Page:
You could forgive Nils Lofgren, best known these days as a 27-year member of Bruce Springsteen’s E Street Band, for issuing a contemplative record after such a difficult period. And there’s some of that here.
Yet, in the wake of losing both E Street saxophonist Clarence Clemons (who passed in June at age 69 from complications following a stroke) and organist/keyboard player Danny Federici (after a battle with cancer in 2008), Lofgren begins the forthcoming Old School embroiled in a vinegary rage.
He comes tearing out to open this project, available for download beginning Tuesday by Vision Records — making a bold statement of rock ‘n’ roll purpose on the title track: “Old School” is this crunchy, horn-driven kiss off to those who spend more time whining than they do working to accomplish something — made complete by a boisterous guest vocal turn by Lou Gramm of Foreigner fame. Lofgren then white knuckles it through the riffy “60 is the New 18,” a fleet little aside than owes no small debt to Springsteen’s rangy late-period rockers — only updated with a crumpled new-wave guitar signature.
“Love Stumbles On” combines a rockabilly riff and a common-man storyline that might fit in well on one of his employer’s albums, too. Later, Lofgren unleashes an angry yawl on the slide-driven “Amy Joan Blues,” this bumpy ride through a Delta swamp with Free/Bad Company vocalist Paul Rodgers. The anthematic “Dream Big” thumps along with a toweringly processed beat, as Lofgren exhorts us all to “love like a work of art.”
This frisky sense of variety should come as no surprise to anyone who’s followed Lofgren’s non-Springsteen doings. After all, he has also recorded and toured with Neil Young (a stint that included After The Gold Rush and Tonight’s The Night, among others), Willie Nelson, David Crosby, Branford Marsalis (on the Buckshot LeFonque project), Lou Reed and Ringo Starr (during his original All-Starr Band tour, and then again in 1992). Along the way, the 60-year old Lofgren has also issued an astounding 36 previous solo projects, as well.
[SOMETHING ELSE! INTERVIEW: The E Street Band’s Nils Lofgren talks about the devastating loss of Clarence Clemons, and signature career moments with Bruce Springsteen, Neil Young and Ringo Starr.]
Of course, anger — in particular when somebody has gone — is typically followed by a backwash of deeper sorrow, and Old School is no different. As Lofgren makes his quietly effective tribute to Ray Charles on “Miss You Ray,” a song with the same kind of shambling emotional heft as Springsteen’s “Blood Brothers,” it’s hard not to think of the recently departed Clemons. (And, as it turns out, over more recent Lofgren shows, the track has become something of a tribute to the late saxist …)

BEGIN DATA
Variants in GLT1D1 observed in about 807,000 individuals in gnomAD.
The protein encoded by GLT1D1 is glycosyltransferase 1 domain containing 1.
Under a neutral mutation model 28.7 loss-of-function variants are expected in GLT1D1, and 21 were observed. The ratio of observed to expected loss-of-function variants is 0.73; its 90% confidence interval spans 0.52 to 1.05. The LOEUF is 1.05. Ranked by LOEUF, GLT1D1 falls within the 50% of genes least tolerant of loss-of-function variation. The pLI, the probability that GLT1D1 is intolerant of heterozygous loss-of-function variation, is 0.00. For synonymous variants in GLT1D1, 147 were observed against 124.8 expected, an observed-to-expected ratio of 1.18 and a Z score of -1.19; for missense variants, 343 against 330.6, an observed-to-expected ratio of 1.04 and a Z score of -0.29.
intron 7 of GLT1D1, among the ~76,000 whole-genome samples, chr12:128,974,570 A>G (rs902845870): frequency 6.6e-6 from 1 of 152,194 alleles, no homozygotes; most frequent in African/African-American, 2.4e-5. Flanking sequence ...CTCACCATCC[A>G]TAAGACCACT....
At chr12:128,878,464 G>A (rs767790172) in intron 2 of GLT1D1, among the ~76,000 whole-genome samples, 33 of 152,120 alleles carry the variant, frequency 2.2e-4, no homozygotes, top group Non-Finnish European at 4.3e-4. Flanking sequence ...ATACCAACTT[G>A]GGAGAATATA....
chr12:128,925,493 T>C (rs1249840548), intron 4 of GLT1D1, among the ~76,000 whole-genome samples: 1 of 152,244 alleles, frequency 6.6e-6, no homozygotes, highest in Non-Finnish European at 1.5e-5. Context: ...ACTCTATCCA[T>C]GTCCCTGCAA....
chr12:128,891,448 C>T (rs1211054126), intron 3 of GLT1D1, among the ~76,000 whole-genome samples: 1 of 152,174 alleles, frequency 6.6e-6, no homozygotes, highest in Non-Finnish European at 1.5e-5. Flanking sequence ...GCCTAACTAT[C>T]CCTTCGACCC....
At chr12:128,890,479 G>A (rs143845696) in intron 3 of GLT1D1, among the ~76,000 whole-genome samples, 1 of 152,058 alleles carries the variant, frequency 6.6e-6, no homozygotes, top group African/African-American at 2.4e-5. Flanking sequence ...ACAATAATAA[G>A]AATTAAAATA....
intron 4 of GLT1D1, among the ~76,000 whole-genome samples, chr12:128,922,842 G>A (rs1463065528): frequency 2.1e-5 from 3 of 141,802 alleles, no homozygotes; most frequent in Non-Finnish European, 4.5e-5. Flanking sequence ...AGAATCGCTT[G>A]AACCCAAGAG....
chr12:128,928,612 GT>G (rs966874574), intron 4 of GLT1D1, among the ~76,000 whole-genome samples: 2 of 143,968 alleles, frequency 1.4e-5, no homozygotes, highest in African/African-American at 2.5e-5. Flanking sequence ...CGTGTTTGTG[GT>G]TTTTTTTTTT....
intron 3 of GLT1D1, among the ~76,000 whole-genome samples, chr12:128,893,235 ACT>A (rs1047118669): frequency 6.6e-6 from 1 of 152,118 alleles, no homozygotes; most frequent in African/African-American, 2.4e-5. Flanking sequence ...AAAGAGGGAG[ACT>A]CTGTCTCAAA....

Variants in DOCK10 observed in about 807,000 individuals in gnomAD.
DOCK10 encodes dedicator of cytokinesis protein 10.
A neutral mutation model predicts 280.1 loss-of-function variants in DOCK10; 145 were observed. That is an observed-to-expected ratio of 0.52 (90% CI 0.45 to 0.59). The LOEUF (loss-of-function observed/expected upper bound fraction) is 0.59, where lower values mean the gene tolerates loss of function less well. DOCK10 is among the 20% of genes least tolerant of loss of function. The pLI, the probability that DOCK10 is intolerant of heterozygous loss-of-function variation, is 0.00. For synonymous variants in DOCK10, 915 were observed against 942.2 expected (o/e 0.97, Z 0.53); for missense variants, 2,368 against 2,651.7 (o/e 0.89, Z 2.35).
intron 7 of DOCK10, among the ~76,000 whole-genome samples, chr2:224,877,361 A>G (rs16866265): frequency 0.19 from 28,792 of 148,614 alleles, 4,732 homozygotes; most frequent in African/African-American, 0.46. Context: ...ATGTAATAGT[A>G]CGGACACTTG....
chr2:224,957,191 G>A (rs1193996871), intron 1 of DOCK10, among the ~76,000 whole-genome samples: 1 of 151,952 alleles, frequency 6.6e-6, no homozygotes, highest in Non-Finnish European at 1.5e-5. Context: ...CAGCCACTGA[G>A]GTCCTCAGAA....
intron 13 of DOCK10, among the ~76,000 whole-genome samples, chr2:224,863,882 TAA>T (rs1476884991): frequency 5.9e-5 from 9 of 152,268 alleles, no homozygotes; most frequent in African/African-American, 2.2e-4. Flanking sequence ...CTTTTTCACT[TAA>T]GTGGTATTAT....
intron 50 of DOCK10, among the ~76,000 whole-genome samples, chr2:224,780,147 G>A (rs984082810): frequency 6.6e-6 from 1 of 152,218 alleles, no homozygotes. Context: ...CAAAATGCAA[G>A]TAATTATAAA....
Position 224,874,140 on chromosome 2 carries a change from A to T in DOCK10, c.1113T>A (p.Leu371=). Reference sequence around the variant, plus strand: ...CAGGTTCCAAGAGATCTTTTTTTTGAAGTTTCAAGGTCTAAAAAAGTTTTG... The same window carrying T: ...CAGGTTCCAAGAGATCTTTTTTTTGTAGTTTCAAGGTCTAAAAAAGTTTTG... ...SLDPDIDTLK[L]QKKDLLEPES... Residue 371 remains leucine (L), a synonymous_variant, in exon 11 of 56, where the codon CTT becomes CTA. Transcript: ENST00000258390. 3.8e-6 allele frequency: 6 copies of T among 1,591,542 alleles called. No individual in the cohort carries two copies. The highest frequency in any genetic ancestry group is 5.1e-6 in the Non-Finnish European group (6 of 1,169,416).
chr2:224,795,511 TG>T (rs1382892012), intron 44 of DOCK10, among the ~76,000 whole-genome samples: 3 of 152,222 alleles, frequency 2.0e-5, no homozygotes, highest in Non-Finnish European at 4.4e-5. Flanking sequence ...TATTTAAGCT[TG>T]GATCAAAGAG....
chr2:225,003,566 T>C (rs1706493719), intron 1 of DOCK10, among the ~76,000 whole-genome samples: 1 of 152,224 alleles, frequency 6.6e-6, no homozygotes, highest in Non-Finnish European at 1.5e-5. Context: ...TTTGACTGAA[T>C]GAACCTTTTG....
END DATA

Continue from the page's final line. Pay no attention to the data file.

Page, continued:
That Brother Ray namecheck, by the way, is not the last overt nod to the rhythm and blues influences that always run just beneath the surface of the music he makes with Springsteen — or the last frank discussion on mortality. “Ain’t Too Many of Us Left,” for instance, finds Lofgren working side by side with the great soul shouter Sam Moore, of Sam and Dave fame. The contemplative “Irish Angel,” a Bruce McCabe song that Lofgren’s been performing during acoustic shows for years, underscores the difficulties in saying goodbye — while “When You Were Mine” seeks comfort after a devastating storm finally disappears over the horizon. “Let Her Get Away” begins the process of healing, even if it’s with a grizzled, world-weary perspective on what’s been lost.
It’s unclear where the E Street Band is right now in that regard. There are, as yet, no plans to reconvene. That’s left Nils Lofgren alone with his thoughts. The result is a well-conceived journey — not just through grief, and through anger, but also toward acceptance.
‘Old School’ is Nils Lofgren’s first studio album in five years, and follows 2008’s ‘The Loner: Nils Sings Neil,’ a homage to Neil Young also issued on Vision Music. Work on this project actually began subsequent to Logfren’s work with the E Street Band on Bruce Springsteen’s Dream Tour in November 2009. Lofgren produced ‘Old School,’ with the exception “Why Me,” which was produced, recorded and mixed by Brian Christian (Alice Cooper/Kiss/The Babys).
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